Linkage and linkage disequilibrium of evoked EEG oscillations with CHRM2 receptor gene polymorphisms: Implications for human brain dynamics and cognition

Kevin A. Jones, Bernice Porjesz, Laura Almasy, Laura Bierut, Alison Goate, Jen C. Wang, Danielle M. Dick, Anthony Hinrichs, Jennifer Kwon, John P. Rice, John Rohrbaugh, Heather Stock, William Wu, Lance O. Bauer, David B. Chorlian, Raymond R. Crowe, Howard J. Edenberg, Tatiana Foroud, Victor Hesselbrock, Samuel KupermanJohn Nurnberger, Sean J. O'Connor, Marc A. Schuckit, Arthur T. Stimus, Jay A. Tischfield, Theodore Reich, Henri Begleiter

Research output: Contribution to journalArticlepeer-review

110 Scopus citations

Abstract

Event-related oscillations (ERO) offer an alternative theoretical and methodological approach to the analysis of event-related EEG responses. The P300 event-related potential (ERP) is elicited through the superposition of the delta (1-3 Hz) and theta (3-7 Hz) band oscillatory responses. The cholinergic neurotransmitter system has a key function in modulating excitatory post-synaptic potentials caused by glutamate, and therefore influences P300 generation and the underlying oscillatory responses. Here we report significant linkage and linkage disequilibrium between target case frontal theta band, visual evoked brain oscillations and a single nucleotide polymorphism (SNP) from the cholinergic muscarinic receptor gene (CHRM2) on chromosome 7. We also demonstrate significant linkage disequilibrium between CHRM2 SNPs and target case parietal delta band visual evoked oscillations (LD P<0.001). These findings were not observed for the equivalent non-target case data, suggesting a role for the CHRM2 gene in higher cognitive processing in humans.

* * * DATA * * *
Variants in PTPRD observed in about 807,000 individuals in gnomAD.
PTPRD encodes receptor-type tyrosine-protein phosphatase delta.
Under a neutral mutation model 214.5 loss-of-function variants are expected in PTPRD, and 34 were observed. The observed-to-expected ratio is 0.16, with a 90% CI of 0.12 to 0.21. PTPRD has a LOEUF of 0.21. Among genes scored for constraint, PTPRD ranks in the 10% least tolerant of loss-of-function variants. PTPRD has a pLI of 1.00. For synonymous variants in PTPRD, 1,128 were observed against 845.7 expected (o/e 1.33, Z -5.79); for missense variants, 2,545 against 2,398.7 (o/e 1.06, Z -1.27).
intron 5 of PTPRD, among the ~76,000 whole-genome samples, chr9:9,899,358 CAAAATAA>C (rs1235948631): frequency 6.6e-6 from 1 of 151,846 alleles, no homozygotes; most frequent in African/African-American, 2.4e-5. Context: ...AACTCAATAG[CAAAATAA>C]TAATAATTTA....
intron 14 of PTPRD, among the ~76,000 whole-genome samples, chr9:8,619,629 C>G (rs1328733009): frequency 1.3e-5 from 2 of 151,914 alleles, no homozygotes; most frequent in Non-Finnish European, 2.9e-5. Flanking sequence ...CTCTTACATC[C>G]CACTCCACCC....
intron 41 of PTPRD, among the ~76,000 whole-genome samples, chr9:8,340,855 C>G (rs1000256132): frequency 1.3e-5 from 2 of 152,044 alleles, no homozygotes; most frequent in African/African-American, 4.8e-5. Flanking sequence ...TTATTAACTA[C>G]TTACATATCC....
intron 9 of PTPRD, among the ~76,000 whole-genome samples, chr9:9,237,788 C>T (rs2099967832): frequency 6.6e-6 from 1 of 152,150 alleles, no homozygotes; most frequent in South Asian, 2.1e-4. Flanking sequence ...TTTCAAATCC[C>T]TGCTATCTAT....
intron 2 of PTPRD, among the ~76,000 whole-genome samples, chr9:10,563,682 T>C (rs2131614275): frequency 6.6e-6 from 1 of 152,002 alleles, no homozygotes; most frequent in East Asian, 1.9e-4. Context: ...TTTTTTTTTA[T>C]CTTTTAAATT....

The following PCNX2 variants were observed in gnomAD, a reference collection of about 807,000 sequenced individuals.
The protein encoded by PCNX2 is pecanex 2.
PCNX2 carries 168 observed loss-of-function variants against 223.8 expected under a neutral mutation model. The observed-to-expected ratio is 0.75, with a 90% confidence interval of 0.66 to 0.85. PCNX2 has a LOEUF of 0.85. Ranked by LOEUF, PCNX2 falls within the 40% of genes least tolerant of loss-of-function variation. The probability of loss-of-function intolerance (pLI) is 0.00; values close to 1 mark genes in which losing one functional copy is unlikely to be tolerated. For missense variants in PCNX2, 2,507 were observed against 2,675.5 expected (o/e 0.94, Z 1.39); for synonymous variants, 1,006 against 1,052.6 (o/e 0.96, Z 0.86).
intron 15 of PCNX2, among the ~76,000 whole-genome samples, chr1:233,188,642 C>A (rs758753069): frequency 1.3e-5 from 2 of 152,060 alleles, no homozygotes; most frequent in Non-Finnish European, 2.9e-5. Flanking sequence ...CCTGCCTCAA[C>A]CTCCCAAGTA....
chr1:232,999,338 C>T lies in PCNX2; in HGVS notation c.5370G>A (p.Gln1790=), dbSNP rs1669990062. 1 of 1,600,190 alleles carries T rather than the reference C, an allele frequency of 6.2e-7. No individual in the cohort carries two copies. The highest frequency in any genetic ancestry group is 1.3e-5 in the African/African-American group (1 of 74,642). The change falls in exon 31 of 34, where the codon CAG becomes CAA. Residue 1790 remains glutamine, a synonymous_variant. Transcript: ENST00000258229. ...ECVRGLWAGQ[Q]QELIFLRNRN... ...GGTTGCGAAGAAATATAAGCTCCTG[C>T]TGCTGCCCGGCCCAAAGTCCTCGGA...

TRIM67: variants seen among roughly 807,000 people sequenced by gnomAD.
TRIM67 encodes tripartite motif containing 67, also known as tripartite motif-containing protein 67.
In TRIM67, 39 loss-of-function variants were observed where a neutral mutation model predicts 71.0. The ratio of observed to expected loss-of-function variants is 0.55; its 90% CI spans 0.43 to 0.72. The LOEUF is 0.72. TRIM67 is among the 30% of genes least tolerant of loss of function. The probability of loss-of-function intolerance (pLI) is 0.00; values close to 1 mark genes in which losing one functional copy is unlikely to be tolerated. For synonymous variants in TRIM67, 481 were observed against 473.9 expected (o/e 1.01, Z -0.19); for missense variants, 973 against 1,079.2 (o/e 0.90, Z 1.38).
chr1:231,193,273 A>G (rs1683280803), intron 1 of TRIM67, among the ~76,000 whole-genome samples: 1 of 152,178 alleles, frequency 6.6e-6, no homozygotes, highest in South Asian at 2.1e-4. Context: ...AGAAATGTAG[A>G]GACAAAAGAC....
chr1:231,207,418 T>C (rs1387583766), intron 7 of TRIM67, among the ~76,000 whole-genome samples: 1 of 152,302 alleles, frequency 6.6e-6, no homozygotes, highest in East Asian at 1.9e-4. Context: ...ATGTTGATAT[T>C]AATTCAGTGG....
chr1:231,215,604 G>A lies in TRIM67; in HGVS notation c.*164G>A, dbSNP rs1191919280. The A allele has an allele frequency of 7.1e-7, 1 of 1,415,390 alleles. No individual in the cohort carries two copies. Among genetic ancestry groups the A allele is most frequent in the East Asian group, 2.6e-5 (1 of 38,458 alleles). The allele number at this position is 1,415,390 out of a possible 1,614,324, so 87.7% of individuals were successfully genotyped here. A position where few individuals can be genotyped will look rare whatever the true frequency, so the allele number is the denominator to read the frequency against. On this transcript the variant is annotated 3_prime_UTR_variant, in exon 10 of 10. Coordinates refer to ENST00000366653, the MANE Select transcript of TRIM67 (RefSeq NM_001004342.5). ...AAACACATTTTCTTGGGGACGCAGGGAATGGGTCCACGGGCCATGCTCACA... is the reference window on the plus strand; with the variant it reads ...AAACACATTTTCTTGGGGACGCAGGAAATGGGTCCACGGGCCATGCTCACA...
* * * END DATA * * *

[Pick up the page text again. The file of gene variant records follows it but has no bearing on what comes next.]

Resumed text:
Original languageEnglish (US)
Pages (from-to)75-90
Number of pages16
JournalInternational Journal of Psychophysiology
Volume53
Issue number2
DOIs
StatePublished - Jul 2004

Keywords

  • Cholinergic muscarinic receptors
  • CHRM2
  • Delta
  • Event-related oscillations
  • Linkage disequilibrium
  • P300
  • Theta

ASJC Scopus subject areas

  • Behavioral Neuroscience

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